Are You a Working Menstruator? Here Are Groundbreaking Tips for Wellbeing & Productivity

Updated: Jun 20

Do you ever feel like you’re unstoppable one week, and the next it feels like you can’t keep up? Does your cycle hamper your productivity?


You're not alone! This article aims to provide information and tips for the four phases of the menstrual cycle to help support the well-being and productivity of working menstruators -- that is, people with cycles who work!

Photo by Javardh on Unsplash

If you’re anything like me, you’ve been conditioned with a capitalistic belief that you need to constantly strive and produce in order to feel valuable and worthy of taking up space in the world (Thai, 2021). Likewise, systemic structures are built to appease the rhythms of men and people in male bodies. As a result, patriarchal culture devalues women's bodies and people with cycles and inclines menstruators to take on masculine traits. Not only is this a recipe for perfectionism, self-criticism and burnout, but it also perpetuates white supremacy and oppression (Olivera, 2021).

The thing is our energy, emotions, bodies, desires, and needs fluctuate with the different phases of the menstrual cycle. In fact, fluctuations in hormone levels provoke significant physical and psychological changes throughout the menstrual cycle (Montero-López, 2018). As menstruators, it’s essential to adapt our workload, expectations, and lifestyles to meet the unique needs and natural rhythms of power of each phase of the cycle to promote wellbeing and productivity. This is what cyclical living is all about.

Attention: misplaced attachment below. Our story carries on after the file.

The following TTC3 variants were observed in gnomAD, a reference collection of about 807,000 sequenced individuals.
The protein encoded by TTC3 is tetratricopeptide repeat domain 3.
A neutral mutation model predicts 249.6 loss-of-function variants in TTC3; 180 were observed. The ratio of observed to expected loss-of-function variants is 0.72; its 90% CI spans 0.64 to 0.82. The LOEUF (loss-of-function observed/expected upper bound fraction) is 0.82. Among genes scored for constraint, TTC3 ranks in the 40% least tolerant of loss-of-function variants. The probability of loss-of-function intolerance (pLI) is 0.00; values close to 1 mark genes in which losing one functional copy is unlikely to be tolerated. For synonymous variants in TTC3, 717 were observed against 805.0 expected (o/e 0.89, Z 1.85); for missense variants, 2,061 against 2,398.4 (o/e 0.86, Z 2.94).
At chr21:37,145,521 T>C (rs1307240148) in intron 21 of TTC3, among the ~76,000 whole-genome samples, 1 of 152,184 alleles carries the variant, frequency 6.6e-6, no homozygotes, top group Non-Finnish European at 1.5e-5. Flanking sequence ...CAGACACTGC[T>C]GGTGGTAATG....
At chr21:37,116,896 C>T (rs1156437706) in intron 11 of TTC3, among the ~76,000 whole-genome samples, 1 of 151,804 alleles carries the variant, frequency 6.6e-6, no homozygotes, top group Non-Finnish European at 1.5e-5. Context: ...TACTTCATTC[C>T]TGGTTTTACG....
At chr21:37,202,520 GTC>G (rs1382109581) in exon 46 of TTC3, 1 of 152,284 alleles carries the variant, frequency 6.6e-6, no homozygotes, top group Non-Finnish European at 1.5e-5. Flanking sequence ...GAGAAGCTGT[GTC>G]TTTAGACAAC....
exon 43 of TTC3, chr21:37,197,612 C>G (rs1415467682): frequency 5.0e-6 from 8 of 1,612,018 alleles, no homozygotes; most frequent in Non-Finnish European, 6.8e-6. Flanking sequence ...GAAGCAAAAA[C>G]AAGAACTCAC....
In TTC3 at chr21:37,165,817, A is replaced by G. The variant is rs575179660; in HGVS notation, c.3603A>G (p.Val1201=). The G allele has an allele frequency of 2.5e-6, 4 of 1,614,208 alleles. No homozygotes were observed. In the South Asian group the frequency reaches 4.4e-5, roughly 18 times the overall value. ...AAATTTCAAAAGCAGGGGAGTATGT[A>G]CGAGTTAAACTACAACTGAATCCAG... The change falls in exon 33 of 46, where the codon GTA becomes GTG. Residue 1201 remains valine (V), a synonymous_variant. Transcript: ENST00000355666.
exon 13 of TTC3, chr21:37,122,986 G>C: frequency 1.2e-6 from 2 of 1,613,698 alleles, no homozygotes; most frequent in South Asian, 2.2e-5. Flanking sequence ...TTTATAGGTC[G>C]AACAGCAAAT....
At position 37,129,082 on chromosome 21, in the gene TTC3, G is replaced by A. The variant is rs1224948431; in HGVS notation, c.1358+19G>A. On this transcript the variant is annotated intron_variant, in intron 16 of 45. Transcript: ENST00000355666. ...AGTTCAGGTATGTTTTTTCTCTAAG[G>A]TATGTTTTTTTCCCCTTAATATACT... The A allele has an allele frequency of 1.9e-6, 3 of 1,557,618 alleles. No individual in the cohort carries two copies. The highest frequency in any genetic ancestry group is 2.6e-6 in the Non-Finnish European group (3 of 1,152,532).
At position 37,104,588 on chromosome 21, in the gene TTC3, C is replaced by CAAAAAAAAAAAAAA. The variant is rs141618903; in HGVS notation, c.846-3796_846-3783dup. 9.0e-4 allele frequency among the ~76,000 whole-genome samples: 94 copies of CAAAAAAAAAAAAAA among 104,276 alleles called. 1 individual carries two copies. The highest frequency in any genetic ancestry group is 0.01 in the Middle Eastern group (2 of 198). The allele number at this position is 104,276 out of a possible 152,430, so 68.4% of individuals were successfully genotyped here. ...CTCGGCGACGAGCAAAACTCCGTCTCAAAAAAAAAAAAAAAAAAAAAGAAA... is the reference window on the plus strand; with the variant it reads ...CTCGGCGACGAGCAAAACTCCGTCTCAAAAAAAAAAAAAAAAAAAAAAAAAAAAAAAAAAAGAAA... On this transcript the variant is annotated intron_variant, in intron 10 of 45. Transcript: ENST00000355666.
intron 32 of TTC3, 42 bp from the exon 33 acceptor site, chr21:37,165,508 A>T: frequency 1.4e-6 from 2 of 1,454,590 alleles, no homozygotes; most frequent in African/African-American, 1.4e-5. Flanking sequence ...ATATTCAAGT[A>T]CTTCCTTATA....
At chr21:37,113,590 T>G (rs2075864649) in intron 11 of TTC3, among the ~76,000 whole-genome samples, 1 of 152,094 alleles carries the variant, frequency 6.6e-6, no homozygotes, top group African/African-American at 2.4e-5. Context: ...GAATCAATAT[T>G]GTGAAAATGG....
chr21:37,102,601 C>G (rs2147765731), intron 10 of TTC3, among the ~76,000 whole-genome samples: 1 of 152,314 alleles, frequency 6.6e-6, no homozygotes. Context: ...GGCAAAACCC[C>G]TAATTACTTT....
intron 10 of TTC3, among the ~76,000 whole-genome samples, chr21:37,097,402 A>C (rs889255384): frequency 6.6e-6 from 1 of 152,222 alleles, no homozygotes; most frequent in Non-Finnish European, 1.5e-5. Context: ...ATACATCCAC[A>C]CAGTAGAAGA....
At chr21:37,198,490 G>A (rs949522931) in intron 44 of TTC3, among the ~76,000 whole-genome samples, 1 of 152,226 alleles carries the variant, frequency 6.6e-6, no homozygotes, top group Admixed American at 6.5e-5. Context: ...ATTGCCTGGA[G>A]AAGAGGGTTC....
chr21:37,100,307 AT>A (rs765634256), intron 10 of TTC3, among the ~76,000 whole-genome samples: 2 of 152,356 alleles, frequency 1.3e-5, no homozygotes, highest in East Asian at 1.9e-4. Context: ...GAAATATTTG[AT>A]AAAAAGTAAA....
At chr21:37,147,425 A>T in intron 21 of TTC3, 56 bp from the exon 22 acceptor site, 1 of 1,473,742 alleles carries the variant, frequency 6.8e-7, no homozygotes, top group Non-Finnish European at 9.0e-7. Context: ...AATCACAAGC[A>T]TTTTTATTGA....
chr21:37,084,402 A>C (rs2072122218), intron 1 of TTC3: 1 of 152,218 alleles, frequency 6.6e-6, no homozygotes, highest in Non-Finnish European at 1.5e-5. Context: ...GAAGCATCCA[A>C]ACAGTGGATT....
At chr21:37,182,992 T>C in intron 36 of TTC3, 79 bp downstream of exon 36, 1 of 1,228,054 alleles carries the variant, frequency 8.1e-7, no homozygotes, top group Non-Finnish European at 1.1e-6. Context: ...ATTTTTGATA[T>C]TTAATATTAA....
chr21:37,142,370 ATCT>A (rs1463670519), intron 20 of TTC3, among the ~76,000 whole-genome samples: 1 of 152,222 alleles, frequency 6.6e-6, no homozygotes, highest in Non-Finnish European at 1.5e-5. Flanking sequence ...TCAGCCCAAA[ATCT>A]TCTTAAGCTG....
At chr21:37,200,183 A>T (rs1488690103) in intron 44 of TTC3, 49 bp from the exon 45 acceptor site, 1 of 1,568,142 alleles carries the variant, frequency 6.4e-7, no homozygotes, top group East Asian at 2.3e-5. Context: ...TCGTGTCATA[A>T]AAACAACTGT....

Even though the menstrual cycle is a completely natural biopsychological occurrence that directly affects 1.8 million people, respecting it is not a common practice in society (Holst et al., 2022; Unicef, n.d.). The menstrual cycle continues to be highly stigmatized and, unfortunately, damaging misconceptions are detrimental to the health and wellbeing of millions of women, girls, transgender men, and non-binary menstruators. For this reason, "many [menstruators] are unable to manage their menstrual cycle in a healthy and dignified way" (Unicef, n.d.). This is even more true for people from marginalized groups.


A study conducted in Spain found that the majority of people with cycles have limited access to information about the menstrual cycle (Holst et al., 2022). Through my work as a cycle educator in Canada, it has become evident that most people have not received adequate support and education on this level.

As you read through the following information and tips for each phase of the cycle, remember that your personal experience trumps everything.